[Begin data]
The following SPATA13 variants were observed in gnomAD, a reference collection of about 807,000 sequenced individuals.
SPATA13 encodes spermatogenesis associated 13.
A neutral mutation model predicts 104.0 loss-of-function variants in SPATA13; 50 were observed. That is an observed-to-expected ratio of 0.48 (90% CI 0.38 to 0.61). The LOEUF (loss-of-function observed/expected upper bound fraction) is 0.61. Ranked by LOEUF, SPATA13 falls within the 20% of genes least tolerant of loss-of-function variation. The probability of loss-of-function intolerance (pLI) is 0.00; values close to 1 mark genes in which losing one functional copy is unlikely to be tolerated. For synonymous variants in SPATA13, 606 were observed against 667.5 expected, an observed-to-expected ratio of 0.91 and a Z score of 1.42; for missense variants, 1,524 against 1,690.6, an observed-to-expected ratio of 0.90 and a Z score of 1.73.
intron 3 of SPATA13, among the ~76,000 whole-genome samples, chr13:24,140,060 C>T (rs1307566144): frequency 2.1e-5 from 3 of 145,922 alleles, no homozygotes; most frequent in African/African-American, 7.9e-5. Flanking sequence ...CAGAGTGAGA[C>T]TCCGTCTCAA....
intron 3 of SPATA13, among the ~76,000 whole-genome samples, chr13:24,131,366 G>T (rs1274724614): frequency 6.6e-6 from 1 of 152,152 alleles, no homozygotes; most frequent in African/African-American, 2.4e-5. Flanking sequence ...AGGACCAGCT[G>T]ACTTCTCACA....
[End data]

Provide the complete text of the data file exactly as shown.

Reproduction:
The following SPATA13 variants were observed in gnomAD, a reference collection of about 807,000 sequenced individuals.
SPATA13 encodes spermatogenesis associated 13.
A neutral mutation model predicts 104.0 loss-of-function variants in SPATA13; 50 were observed. That is an observed-to-expected ratio of 0.48 (90% CI 0.38 to 0.61). The LOEUF (loss-of-function observed/expected upper bound fraction) is 0.61. Ranked by LOEUF, SPATA13 falls within the 20% of genes least tolerant of loss-of-function variation. The probability of loss-of-function intolerance (pLI) is 0.00; values close to 1 mark genes in which losing one functional copy is unlikely to be tolerated. For synonymous variants in SPATA13, 606 were observed against 667.5 expected, an observed-to-expected ratio of 0.91 and a Z score of 1.42; for missense variants, 1,524 against 1,690.6, an observed-to-expected ratio of 0.90 and a Z score of 1.73.
intron 3 of SPATA13, among the ~76,000 whole-genome samples, chr13:24,140,060 C>T (rs1307566144): frequency 2.1e-5 from 3 of 145,922 alleles, no homozygotes; most frequent in African/African-American, 7.9e-5. Flanking sequence ...CAGAGTGAGA[C>T]TCCGTCTCAA....
intron 3 of SPATA13, among the ~76,000 whole-genome samples, chr13:24,131,366 G>T (rs1274724614): frequency 6.6e-6 from 1 of 152,152 alleles, no homozygotes; most frequent in African/African-American, 2.4e-5. Flanking sequence ...AGGACCAGCT[G>T]ACTTCTCACA....